As the resulting controversy began to build within the audiophile community, MoFi President Jim Davis posted a statement declaring: "We apologise for using vague language, allowing false narratives to propagate, and for taking for granted the goodwill and trust our customers place in the Mobile Fidelity Sound Lab brand".
Legal action then followed, with multiple lawsuits being filed, all seeking class action status so that anyone who bought a MoFi disc that had been misleadingly promoted could benefit.
Earlier this year, it emerged that a settlement deal had been negotiated in one of those lawsuits, which had been filed in the US state of Washington. Worth $25 million, the deal would allow affected customers to return any records they had bought for a full refund, or to keep the records and get a partial refund or a voucher for a future purchase.
That deal was pretty much agreed in January but was pending court approval, with a few technicalities to be sorted out. However, given that deal would benefit all customers affected by MoFi's misleading marketing, the music company argued that all the other class actions - including one in its home state of Illinois - should be paused.
It then transpired that the plaintiffs in the Illinois case were trying to block the deal in the Washington litigation. That was based on the argument that what had been agreed in that case didn't provide adequate relief to the class members and was the result of "a collusive reverse auction".
That's a scenario that can occur when multiple class action lawsuits are filed with US courts in relation to the same dispute. Plaintiffs might then cherry pick one of the lawsuits based on their belief that it is being led by the least capable legal team.
The hope is that those less capable lawyers will then settle for a lower price, especially if the attorneys themselves are assured a decent fee as part of the deal. And once that class action is settled, the plaintiff can call for all the other lawsuits to be dismissed.
However, according to Law360, the judge overseeing the case in Washington has concluded that that didn't happen here. The lawyers repping the plaintiffs in that lawsuit "boast a record of effective class action advocacy" the judge said. Plus MoFi's lawyers prioritised this particular lawsuit simply because it was the first to be filed.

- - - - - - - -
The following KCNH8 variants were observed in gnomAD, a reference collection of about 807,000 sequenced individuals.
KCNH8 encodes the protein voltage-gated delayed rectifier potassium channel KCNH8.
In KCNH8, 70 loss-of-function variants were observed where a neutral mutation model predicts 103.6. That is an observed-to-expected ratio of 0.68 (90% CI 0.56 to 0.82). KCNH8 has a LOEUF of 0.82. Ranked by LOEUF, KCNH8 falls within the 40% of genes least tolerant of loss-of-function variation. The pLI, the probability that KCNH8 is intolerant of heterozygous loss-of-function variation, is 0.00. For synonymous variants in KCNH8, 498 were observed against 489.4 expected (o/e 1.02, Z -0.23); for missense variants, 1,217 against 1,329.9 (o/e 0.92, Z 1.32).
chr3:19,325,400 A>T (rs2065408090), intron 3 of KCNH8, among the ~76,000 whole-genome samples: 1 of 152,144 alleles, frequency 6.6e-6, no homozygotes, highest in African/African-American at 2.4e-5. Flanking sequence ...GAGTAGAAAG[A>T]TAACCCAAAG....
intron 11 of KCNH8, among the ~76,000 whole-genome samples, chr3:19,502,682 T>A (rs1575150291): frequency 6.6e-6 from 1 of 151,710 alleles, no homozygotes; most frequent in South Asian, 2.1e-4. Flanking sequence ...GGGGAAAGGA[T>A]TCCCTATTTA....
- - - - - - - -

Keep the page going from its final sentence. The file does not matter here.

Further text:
So that seems like good news for MoFi and the plaintiffs in the Washington case. Though final court approval of the deal won't come until later this year.
PRS Foundation unveils report on the impact of its Momentum Music Fund
Originally with primary funding from Arts Council England, and now supported by collecting society PPL - as well as Creative Wales, Arts Council Of Northern Ireland, Invest Northern Ireland and Spotify - the Momentum scheme "provides career-boosting grants of between £5000-£15,000 to acts at a pivotal time in their creative and business development".
Over its first decade in existence, the fund has awarded £5.2 million to 526 artists across the UK, helping support the production of 275 albums - including Mercury Prize shortlisted records - and over 300 tours and 1600 shows.
The stats published last week also demonstrate how the fund seeks to help facilitate more diversity in the music industry.
The Foundation said that 49.5% of Momentum grants have been awarded to artists of black, Asian or other ethnically diverse heritage; 51% of grants have gone to artists based outside London; and 47.9% of grantees identify as women, gender expansive artists or are in mixed gender groups.
Commenting on the new report, PRS Foundation CEO Joe Frankland said: "The PPL Momentum Music Fund reaching ten years is a fantastic milestone and it's clear to see the impact it continues to have on the UK music industry. It's been a vital stepping-stone for so many incredible artists who have gone on to top the charts, sell out shows around the world and scoop multiple music awards".
"I'm proud that this work has changed the funding game", he went on, "helping artists and songwriters to create and perform outstanding new music while developing sustainable careers which has a knock-on impact for their teams and for the wider music industry".
He then concluded: "I'd like to thank PPL, Creative Wales, Arts Council Of Northern Ireland, Invest Northern Ireland, Spotify, PRS For Music as well as Arts Council England and all the partners through the years whose support has enabled this ground-breaking fund to be as impactful as possible".
TikTok launches #NewMusic Hub